They walked into Madam Puddifoot's establishment. "We'd like to hire your back dining room," said Andromeda.
"We don't have a back dining room," answered Madam Puddifoot.
"Of course you do, and Professor Snape here is going to hold a dinner party in it." Andromeda might not consider herself pureblood any more, but Madam Puddifoot was flustered by the calm assurance.
"I'm not cooking for a lot of professors and such."
"Of course not. We'll be bringing in House-elves."
"We will?" asked Severus.
"Yes, three or four of them, from Hogwarts."
"I can't commandeer the school's elves!"
"Have you ever tried?" There was that dimple.
"Very well," he sighed.
Once Madam Puddifoot's defenses were breached, it was easy to arrange the date and terms with her. Within moments, they were on the way to the kitchens of Hogwarts.
"I don't think this is going to work," he said.
"Sure it will," she answered, as she tickled the pear on the portrait-door.
"Look! Mistress Andromeda Black has come to see us!"
Within seconds, Andromeda was surrounded by half a dozen elves. When they understood what she was asking for, they were eager to participate. "See? You'll have plenty of help," she said. "All you need to do is give them a small bottle, and I mean the smallest possible bottle, of Butterbeer each."
They ended with tea in his library at home. Andromeda sat on his couch and poured as though she were the Queen. He smiled to himself about how natural she looked.
"So you could be comfortable in a place like this?" He didn't bother asking why he cared. He knew.
"I'd need to tidy things up a bit. What I'm sure is a very functional clutter would hurt me to see on a daily basis, but I'm sure we'd come to some sort of compromise. That is..." She stared at her cup.
"Why don't you leave him? He's not any sort of proper husband to you."
"What would I be if I did that? A Mudblood-loving blood traitor whore who's also adulterous? No Slytherin will acknowledge me. If I left him, no Gryffindor or Hufflepuff would, either. I'm not smart enough to be accepted by the Ravenclaws. I'd be an absolute outcast."
"Then don't leave him. Just come be with me from time to time."
"I already do that."
"You know what I mean."
He couldn't stop himself. He kissed her as he'd only imagined doing since that night in her cottage. It was everything he remembered. "Yes, you can."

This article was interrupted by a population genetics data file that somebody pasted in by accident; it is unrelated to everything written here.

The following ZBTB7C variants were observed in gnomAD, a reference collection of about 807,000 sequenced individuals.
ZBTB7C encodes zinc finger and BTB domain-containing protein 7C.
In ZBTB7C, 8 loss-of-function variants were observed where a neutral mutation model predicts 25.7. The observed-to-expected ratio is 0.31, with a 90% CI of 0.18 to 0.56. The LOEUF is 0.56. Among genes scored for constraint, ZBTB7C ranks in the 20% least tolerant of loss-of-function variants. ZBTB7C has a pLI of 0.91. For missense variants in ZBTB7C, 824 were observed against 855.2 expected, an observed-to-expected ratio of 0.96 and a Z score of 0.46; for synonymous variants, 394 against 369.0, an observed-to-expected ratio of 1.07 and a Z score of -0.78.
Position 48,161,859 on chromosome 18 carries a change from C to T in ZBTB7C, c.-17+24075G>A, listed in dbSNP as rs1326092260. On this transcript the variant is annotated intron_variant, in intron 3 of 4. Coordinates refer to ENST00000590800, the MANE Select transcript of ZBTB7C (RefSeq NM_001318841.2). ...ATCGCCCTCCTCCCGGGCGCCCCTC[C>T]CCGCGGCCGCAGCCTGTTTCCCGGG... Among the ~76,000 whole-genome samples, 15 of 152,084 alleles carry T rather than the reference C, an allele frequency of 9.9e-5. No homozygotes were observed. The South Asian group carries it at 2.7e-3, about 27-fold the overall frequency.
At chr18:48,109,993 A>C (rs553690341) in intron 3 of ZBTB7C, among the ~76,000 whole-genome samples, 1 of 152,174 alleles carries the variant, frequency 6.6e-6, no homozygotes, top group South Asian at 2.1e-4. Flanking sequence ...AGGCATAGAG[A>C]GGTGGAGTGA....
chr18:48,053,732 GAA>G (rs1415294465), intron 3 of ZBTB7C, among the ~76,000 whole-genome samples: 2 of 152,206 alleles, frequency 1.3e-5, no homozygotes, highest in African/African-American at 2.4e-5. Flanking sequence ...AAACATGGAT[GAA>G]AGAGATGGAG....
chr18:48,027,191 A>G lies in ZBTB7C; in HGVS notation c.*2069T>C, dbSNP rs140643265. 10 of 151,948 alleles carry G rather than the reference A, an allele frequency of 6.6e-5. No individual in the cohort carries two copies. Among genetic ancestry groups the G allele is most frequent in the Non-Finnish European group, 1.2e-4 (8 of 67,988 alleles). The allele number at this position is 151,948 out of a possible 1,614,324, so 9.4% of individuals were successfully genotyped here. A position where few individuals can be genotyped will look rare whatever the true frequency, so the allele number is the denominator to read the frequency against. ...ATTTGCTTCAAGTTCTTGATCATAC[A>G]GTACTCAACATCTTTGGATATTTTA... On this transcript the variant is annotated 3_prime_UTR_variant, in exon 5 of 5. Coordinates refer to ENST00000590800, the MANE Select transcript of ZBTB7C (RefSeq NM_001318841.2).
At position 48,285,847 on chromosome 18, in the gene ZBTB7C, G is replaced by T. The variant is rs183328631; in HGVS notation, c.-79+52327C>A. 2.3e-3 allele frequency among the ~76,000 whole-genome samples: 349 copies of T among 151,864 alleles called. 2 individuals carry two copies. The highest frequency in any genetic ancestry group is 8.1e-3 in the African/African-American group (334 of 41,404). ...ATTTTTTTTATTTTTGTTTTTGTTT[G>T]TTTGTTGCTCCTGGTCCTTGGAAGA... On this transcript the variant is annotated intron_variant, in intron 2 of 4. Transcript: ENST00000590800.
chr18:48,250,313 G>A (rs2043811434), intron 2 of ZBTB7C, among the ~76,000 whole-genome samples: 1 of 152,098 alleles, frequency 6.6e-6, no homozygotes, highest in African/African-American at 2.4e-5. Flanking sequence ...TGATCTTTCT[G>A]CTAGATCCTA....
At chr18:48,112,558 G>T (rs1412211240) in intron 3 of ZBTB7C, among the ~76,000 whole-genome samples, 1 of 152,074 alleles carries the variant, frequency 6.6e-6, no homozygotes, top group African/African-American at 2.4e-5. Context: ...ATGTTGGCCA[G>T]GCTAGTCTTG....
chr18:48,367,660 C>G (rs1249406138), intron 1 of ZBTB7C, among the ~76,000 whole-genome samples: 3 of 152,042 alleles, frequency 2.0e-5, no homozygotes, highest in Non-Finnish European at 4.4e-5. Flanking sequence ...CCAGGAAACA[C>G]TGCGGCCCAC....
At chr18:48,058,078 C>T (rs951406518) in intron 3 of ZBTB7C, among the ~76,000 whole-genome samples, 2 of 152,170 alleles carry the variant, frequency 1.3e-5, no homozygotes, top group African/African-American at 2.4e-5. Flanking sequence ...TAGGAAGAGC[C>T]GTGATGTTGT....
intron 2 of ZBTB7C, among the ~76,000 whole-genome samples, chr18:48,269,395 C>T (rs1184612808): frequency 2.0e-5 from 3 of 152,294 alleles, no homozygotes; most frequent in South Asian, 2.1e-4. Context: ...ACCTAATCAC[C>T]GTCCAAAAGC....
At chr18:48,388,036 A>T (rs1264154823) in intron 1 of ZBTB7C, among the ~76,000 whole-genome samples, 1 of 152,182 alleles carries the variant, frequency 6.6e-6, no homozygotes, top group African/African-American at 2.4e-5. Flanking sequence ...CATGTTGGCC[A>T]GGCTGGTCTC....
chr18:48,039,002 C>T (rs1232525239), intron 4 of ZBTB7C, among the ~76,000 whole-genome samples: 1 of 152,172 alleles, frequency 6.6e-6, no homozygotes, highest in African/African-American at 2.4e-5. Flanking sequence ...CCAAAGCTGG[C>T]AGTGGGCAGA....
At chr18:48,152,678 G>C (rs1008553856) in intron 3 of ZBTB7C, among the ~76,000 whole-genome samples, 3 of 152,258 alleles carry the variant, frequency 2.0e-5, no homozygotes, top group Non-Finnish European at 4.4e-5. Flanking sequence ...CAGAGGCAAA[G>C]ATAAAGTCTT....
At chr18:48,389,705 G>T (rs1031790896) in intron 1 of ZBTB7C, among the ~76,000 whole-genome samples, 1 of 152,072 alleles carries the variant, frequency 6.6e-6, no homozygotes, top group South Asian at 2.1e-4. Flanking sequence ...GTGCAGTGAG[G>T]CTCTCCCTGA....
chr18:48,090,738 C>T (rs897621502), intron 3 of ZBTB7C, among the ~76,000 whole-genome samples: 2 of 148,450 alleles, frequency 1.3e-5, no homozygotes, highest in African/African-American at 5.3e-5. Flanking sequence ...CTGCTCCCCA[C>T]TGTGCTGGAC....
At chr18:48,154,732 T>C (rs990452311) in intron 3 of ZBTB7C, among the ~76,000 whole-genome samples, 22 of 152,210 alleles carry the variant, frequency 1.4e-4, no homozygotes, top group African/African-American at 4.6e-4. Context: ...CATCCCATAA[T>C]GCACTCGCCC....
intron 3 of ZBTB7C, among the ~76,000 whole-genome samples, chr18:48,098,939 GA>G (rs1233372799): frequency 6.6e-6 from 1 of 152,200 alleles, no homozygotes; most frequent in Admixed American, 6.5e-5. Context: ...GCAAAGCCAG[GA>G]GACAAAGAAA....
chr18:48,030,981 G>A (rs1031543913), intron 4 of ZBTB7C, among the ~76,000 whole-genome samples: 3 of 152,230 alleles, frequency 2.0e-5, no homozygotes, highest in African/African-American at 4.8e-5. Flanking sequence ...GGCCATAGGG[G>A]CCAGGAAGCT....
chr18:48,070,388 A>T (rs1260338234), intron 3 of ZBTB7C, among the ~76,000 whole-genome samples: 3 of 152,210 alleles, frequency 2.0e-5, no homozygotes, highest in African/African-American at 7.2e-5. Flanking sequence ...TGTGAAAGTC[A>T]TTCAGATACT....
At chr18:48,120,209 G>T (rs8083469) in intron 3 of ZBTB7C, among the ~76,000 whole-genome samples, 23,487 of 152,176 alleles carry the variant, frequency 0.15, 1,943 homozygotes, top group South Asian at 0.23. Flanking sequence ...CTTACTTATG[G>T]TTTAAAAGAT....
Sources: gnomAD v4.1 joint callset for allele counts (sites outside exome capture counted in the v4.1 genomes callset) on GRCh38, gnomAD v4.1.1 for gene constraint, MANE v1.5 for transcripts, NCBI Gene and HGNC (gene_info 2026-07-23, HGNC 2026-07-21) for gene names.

"What would I be?"
"Loved — by someone who appreciates you."
It was more of a declaration than he would have wished to make, but he wouldn't take it back. They looked at each other for a long moment.
When she spoke again, she was very quiet and her voice sounded a bit choked. "You deserve better than an adulterous Mudblood-loving blood traitor whore, Severus. I'll be happy to help you with your social calendar until you find a proper wife, but for the rest of it, I can't."
She got up and Summoned her cloak. "I'll see you next week to discuss how things are going," she said.
His heart was sinking. "Is that how it is, then?"
"I'm afraid so. You're a man whose position in the world is good and improving. I mustn't do anything to jeopardize that."
And so it began. After an initial smashing success, Andromeda became his behind-the-scenes helper, managing the social engagements of his life. He forwarded his invitations to her, and she made suggestions about which were ones he ought to accept and which he ought not. Whenever he entertained, she helped him make the arrangements and discussed with him what should happen during the events. Their ease together made him think that there could only be one mistress of his world. Since she would not be leaving her husband, he would do without a wife.
When he had the time, he tracked Ted Tonks and found ways to derail the other wizard's little romances. An unfortunate rainstorm here, a small accident there. He never did anything particularly dangerous or unlawful, just enough to ruin Tonks's plans for an evening. It was amazing how quickly Tonks could wrap up his business and return home on such occasions.
Snape laughed at this streak of valor and honor. He never expected to find such Gryffindorish attitudes within himself. Yet there was something satisfying about knowing that he was helping Andromeda some small bit. He came home after such trips and lifted a glass. Weeks or months later, he and Andromeda would try some new version of the Wolfsbane potion on the test subjects, and he toasted that. Perhaps sometime in the future she would be free to be the mistress of his household in name as well as deed, and he drank to that as well.
Thank you to Blue Artemis for beta reading!